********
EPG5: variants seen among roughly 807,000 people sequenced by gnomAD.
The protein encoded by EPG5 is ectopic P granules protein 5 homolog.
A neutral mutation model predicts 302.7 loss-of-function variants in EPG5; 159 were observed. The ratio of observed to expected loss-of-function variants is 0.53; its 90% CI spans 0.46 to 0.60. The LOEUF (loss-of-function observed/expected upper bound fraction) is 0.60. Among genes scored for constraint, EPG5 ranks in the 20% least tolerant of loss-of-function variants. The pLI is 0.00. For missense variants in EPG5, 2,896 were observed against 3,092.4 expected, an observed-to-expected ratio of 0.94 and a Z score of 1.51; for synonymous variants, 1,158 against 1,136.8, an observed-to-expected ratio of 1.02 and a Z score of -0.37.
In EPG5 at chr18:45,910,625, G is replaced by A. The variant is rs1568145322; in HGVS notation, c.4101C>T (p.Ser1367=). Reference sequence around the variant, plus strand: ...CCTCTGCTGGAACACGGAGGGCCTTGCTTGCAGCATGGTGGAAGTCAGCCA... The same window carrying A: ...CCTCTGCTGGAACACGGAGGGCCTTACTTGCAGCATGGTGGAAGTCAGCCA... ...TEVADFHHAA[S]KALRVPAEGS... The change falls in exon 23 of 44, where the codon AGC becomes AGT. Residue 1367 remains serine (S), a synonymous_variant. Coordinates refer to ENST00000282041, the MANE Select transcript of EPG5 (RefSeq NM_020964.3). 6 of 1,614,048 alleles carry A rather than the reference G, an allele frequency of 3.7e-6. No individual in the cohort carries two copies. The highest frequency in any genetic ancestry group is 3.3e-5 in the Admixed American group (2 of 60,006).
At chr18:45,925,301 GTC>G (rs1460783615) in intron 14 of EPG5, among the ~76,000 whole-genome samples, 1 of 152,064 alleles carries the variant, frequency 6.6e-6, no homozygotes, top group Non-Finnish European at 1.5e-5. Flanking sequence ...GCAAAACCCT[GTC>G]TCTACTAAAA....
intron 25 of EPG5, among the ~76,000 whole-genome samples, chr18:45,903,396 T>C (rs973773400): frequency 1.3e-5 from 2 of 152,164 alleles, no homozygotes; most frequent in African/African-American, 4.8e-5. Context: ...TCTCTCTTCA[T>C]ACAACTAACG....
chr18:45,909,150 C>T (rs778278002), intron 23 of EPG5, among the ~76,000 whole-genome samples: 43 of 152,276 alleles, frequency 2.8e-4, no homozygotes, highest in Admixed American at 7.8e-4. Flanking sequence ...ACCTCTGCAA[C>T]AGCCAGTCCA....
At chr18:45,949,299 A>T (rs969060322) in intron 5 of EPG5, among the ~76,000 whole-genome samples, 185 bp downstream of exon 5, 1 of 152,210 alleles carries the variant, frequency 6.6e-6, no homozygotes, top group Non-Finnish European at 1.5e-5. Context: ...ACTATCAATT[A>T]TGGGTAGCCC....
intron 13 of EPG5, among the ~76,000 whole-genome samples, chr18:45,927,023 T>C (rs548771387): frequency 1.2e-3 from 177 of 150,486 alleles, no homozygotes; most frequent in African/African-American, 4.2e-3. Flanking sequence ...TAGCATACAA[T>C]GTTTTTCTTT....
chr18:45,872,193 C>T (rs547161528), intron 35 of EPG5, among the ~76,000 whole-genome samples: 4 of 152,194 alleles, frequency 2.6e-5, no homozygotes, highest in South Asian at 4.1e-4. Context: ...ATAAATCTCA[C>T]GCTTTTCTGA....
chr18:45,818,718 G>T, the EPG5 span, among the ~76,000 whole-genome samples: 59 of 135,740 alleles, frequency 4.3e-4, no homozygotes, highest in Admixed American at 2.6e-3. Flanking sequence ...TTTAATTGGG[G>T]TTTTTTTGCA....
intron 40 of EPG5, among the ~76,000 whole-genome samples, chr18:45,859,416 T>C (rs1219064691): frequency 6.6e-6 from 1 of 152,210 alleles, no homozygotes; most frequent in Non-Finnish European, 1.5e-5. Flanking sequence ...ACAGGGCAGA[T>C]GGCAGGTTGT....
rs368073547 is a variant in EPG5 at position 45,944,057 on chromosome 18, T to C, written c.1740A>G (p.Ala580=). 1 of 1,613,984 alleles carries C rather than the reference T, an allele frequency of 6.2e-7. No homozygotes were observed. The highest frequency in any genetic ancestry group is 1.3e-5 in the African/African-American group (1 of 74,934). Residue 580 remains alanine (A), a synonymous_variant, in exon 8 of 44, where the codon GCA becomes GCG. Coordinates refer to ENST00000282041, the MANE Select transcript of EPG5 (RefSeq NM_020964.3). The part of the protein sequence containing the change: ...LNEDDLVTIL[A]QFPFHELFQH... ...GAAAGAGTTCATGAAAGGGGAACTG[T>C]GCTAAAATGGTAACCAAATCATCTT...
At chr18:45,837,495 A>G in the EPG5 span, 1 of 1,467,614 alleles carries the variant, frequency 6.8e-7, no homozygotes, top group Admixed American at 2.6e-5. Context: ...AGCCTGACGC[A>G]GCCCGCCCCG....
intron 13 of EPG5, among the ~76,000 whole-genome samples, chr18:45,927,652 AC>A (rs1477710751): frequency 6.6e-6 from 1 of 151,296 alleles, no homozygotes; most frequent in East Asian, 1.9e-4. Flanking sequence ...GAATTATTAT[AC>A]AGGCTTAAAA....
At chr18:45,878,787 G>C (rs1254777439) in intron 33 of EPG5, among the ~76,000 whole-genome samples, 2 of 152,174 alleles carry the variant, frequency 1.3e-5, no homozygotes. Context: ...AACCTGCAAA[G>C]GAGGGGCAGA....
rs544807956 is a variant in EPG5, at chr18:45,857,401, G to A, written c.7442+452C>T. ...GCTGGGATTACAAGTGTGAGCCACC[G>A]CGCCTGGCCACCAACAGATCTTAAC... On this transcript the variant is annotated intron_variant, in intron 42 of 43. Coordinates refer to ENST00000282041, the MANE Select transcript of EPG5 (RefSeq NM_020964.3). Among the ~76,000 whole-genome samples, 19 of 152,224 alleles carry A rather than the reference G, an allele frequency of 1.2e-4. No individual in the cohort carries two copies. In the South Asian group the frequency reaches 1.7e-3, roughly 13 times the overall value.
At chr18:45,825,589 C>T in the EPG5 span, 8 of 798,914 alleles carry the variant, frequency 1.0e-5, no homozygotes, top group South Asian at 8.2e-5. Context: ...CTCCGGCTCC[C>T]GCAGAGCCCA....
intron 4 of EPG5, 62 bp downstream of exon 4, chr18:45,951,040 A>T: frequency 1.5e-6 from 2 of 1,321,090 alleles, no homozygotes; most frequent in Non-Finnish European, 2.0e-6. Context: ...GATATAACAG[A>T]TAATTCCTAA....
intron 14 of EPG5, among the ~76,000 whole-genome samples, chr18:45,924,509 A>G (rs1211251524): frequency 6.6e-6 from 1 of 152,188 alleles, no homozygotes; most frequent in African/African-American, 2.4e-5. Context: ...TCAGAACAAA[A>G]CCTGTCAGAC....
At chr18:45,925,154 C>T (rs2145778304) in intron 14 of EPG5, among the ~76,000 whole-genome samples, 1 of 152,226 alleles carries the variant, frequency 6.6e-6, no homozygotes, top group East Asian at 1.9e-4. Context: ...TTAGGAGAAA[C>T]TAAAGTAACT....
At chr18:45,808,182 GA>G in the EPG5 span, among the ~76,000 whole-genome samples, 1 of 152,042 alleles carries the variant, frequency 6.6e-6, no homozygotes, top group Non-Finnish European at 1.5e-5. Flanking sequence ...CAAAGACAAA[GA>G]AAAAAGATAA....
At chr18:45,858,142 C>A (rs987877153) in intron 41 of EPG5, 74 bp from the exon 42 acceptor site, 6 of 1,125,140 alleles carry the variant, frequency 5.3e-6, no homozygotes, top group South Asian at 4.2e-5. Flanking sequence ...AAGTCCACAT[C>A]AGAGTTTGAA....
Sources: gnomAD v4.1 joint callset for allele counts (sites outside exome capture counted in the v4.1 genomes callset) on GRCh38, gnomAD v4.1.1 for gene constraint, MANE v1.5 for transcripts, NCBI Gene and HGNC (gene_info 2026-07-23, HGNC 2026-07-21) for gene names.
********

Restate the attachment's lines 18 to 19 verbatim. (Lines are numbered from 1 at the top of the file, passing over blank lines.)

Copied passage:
At chr18:45,825,589 C>T in the EPG5 span, 8 of 798,914 alleles carry the variant, frequency 1.0e-5, no homozygotes, top group South Asian at 8.2e-5. Context: ...CTCCGGCTCC[C>T]GCAGAGCCCA....
intron 4 of EPG5, 62 bp downstream of exon 4, chr18:45,951,040 A>T: frequency 1.5e-6 from 2 of 1,321,090 alleles, no homozygotes; most frequent in Non-Finnish European, 2.0e-6. Context: ...GATATAACAG[A>T]TAATTCCTAA....